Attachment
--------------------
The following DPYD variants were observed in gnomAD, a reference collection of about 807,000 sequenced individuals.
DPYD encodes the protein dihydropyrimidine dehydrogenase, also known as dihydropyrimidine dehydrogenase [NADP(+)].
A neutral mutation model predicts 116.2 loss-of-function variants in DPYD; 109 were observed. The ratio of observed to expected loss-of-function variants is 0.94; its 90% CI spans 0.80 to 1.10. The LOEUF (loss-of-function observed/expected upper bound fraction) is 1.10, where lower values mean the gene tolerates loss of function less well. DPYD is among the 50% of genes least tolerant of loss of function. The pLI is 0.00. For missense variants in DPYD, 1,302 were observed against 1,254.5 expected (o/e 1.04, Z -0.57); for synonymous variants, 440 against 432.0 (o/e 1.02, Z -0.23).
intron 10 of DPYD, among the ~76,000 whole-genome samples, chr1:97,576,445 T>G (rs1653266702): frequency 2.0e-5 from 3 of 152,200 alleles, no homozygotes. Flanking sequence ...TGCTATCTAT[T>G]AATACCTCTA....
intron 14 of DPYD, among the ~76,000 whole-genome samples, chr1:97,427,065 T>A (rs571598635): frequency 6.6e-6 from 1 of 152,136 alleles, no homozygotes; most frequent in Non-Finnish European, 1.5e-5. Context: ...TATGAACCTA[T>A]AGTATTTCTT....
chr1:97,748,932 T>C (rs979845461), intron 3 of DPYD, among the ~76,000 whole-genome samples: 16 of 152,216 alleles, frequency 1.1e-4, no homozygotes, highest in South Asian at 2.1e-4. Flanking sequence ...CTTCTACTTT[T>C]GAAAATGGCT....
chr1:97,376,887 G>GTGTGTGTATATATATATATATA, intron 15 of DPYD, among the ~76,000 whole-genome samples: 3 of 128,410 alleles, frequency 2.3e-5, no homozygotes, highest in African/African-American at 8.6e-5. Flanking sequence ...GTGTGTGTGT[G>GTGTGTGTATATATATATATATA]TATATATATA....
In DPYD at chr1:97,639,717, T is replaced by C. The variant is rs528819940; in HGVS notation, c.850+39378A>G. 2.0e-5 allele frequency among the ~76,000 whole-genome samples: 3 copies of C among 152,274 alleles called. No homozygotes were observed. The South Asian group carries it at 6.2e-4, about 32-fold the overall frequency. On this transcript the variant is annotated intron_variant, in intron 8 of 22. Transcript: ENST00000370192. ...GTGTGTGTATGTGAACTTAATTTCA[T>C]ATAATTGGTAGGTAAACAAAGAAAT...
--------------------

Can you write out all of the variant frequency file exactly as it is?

The following DPYD variants were observed in gnomAD, a reference collection of about 807,000 sequenced individuals.
DPYD encodes the protein dihydropyrimidine dehydrogenase, also known as dihydropyrimidine dehydrogenase [NADP(+)].
A neutral mutation model predicts 116.2 loss-of-function variants in DPYD; 109 were observed. The ratio of observed to expected loss-of-function variants is 0.94; its 90% CI spans 0.80 to 1.10. The LOEUF (loss-of-function observed/expected upper bound fraction) is 1.10, where lower values mean the gene tolerates loss of function less well. DPYD is among the 50% of genes least tolerant of loss of function. The pLI is 0.00. For missense variants in DPYD, 1,302 were observed against 1,254.5 expected (o/e 1.04, Z -0.57); for synonymous variants, 440 against 432.0 (o/e 1.02, Z -0.23).
intron 10 of DPYD, among the ~76,000 whole-genome samples, chr1:97,576,445 T>G (rs1653266702): frequency 2.0e-5 from 3 of 152,200 alleles, no homozygotes. Flanking sequence ...TGCTATCTAT[T>G]AATACCTCTA....
intron 14 of DPYD, among the ~76,000 whole-genome samples, chr1:97,427,065 T>A (rs571598635): frequency 6.6e-6 from 1 of 152,136 alleles, no homozygotes; most frequent in Non-Finnish European, 1.5e-5. Context: ...TATGAACCTA[T>A]AGTATTTCTT....
chr1:97,748,932 T>C (rs979845461), intron 3 of DPYD, among the ~76,000 whole-genome samples: 16 of 152,216 alleles, frequency 1.1e-4, no homozygotes, highest in South Asian at 2.1e-4. Flanking sequence ...CTTCTACTTT[T>C]GAAAATGGCT....
chr1:97,376,887 G>GTGTGTGTATATATATATATATA, intron 15 of DPYD, among the ~76,000 whole-genome samples: 3 of 128,410 alleles, frequency 2.3e-5, no homozygotes, highest in African/African-American at 8.6e-5. Flanking sequence ...GTGTGTGTGT[G>GTGTGTGTATATATATATATATA]TATATATATA....
In DPYD at chr1:97,639,717, T is replaced by C. The variant is rs528819940; in HGVS notation, c.850+39378A>G. 2.0e-5 allele frequency among the ~76,000 whole-genome samples: 3 copies of C among 152,274 alleles called. No homozygotes were observed. The South Asian group carries it at 6.2e-4, about 32-fold the overall frequency. On this transcript the variant is annotated intron_variant, in intron 8 of 22. Transcript: ENST00000370192. ...GTGTGTGTATGTGAACTTAATTTCA[T>C]ATAATTGGTAGGTAAACAAAGAAAT...